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Writing a Book About Grief Isn’t Always Cathartic

Here’s an immutable law of the publishing world: If you write a book about grief, everyone will want to know if the process was helpful. Do you feel better? Are you healed?

The answer, for Sloane Crosley, is no — or at least it’s less than yes, which is refreshing to hear. This willingness to acknowledge a gray area might be what makes her an excellent guide through treacherous territory.

Crosley is an essayist, novelist and former book publicist whose best-selling memoir, “Grief Is for People,” explores the one-two punch of a burglary and a death. The second devastation delivered the knockout blow: Russell Perreault was Crosley’s boss, who became her mentor and then her dearest friend. He ended his own life in 2019. He was 52 years old.

“Find one of us, pull the string, you’d find the other,” Crosley writes. “Ours was the kind of partnership that felt transferable. Give us a designer’s discount and we will decorate your house. Give us some forceps and we will deliver your baby. Give us adjoining desks and we will crack your case. We moved fluidly among the roles of parent, child, sibling and subordinate, swapping positions as they do in experimental theater.”

If you’re confused by the mixing of present, past and tenses, welcome to the land of loss.

“I didn’t find the book particularly cathartic to write,” Crosley said in a phone interview. “But what I’m finding so far is that it seems like it’s cathartic for people to read, and that is such an added bonus that I hadn’t planned on.” This might have something to do with the dearth of decent literature about missing a friend, or with welcome notes of humor throughout the book.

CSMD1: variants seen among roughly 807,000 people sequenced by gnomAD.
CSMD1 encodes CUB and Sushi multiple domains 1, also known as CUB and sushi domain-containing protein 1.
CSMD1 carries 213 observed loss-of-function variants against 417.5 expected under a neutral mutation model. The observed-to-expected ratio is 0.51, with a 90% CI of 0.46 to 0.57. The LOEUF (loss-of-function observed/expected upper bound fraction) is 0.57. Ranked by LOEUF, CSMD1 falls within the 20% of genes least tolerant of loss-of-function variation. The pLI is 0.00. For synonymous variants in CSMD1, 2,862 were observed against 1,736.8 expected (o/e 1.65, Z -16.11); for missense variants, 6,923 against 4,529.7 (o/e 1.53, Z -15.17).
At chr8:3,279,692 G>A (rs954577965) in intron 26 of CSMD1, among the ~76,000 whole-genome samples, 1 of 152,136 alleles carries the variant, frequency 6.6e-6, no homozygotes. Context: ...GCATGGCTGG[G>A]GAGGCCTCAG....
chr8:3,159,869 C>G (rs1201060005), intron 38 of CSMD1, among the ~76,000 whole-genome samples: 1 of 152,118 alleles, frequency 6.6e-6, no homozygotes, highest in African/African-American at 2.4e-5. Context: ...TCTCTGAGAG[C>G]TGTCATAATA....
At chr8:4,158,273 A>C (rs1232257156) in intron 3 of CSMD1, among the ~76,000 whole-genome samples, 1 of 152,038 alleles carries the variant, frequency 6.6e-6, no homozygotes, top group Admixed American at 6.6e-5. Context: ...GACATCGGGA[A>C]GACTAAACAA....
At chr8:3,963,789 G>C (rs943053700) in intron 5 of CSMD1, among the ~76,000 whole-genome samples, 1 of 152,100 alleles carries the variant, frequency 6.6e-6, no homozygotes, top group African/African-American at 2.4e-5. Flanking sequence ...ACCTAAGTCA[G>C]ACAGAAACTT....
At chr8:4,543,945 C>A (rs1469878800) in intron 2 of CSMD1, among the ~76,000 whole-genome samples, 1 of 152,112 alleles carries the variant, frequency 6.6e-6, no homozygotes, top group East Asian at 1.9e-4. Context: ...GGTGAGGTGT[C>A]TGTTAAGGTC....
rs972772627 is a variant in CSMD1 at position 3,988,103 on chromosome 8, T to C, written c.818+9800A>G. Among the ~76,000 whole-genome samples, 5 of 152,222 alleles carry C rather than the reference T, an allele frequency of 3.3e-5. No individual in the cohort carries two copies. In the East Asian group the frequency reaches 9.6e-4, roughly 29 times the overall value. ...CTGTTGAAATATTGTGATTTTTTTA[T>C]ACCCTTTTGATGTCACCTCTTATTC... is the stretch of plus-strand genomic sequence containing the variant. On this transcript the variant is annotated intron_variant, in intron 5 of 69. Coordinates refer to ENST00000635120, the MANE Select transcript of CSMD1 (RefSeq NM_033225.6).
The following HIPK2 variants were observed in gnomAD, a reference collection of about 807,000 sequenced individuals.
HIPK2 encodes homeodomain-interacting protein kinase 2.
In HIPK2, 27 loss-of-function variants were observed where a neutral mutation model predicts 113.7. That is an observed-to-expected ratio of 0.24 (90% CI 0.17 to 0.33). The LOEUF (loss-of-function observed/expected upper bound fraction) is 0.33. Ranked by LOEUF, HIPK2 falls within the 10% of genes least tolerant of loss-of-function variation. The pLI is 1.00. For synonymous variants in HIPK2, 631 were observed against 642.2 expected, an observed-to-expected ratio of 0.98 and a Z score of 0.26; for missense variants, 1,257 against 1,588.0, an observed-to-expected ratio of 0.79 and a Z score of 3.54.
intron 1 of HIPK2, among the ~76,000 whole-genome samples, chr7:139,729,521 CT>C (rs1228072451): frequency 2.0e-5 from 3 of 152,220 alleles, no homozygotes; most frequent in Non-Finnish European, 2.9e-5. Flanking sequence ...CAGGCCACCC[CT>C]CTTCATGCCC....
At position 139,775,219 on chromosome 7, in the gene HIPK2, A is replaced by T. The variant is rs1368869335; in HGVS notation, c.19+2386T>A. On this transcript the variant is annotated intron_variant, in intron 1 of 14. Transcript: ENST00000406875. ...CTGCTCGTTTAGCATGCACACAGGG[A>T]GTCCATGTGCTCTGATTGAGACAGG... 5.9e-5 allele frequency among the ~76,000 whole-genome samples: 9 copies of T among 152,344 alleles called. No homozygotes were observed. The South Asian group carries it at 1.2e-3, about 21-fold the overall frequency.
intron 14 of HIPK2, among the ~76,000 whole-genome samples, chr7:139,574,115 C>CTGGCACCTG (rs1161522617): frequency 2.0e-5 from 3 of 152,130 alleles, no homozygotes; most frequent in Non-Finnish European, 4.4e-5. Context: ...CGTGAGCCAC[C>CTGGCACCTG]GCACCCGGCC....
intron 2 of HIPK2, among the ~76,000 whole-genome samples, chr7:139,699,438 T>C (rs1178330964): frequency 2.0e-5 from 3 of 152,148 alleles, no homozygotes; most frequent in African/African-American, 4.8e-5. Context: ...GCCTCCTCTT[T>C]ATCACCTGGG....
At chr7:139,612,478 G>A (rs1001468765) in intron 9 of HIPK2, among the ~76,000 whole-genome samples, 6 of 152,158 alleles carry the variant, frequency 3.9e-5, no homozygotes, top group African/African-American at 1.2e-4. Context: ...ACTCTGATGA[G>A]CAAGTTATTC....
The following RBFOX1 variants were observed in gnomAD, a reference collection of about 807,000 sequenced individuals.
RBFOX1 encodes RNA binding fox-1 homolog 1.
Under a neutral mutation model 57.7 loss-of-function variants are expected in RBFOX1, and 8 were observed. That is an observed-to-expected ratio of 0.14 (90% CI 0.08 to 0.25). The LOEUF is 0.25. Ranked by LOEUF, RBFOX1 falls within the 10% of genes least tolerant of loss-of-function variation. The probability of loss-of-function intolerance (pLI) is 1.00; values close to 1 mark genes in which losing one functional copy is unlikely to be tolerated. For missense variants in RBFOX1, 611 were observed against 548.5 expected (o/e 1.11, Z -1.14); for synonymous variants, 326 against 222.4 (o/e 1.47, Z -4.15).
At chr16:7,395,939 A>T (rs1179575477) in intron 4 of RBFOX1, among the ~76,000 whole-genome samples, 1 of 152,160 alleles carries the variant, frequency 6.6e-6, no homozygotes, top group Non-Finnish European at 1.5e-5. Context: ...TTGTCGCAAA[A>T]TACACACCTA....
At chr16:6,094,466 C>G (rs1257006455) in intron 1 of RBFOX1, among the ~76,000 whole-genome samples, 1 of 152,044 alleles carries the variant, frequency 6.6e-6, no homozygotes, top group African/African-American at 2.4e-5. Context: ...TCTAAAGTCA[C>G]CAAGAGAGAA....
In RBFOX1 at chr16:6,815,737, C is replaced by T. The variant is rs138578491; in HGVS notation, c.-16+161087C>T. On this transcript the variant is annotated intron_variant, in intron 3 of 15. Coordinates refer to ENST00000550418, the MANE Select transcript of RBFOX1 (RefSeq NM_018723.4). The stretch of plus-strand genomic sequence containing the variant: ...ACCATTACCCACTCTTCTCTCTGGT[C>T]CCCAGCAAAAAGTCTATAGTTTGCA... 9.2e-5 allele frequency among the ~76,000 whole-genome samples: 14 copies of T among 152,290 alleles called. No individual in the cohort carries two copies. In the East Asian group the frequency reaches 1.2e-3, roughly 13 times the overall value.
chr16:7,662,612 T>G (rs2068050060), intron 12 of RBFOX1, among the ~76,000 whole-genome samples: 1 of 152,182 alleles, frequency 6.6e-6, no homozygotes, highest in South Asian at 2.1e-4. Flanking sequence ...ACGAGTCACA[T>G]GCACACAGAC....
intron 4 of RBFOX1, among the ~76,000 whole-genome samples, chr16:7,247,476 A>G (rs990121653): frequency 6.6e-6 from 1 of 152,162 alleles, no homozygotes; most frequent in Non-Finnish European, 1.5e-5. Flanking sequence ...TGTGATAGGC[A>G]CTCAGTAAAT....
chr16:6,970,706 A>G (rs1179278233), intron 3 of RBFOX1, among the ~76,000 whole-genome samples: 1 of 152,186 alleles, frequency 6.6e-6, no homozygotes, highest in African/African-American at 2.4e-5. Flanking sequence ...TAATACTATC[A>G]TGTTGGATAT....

“Obviously it doesn’t work like it does in the movies,” Crosley said. “You don’t type the end and shut the laptop. But when I finished honing it and editing it, I really did think, ‘Well, now we can begin.’”

The response has been overwhelming and “extremely intense.” Crosley has been somewhat surprised by readers’ willingness to delve into such heavy subject matter, and also heartened by the stories and solidarity she’s been met with at bookstores. She said, “I’m not a professional healer or a professional empath, and my ability to help people is not particularly extraordinary. I go back to a place where I only know my own story. Where my skill set lies when it comes to this is as a human being, not as an author.”

When Crosley’s editor, Sean McDonald, sent her an email with a celebratory subject line, she knew that the attachment contained the best-seller list and that her name would be on it. She worked in the book industry for a long time, and she learned the ropes from an expert.

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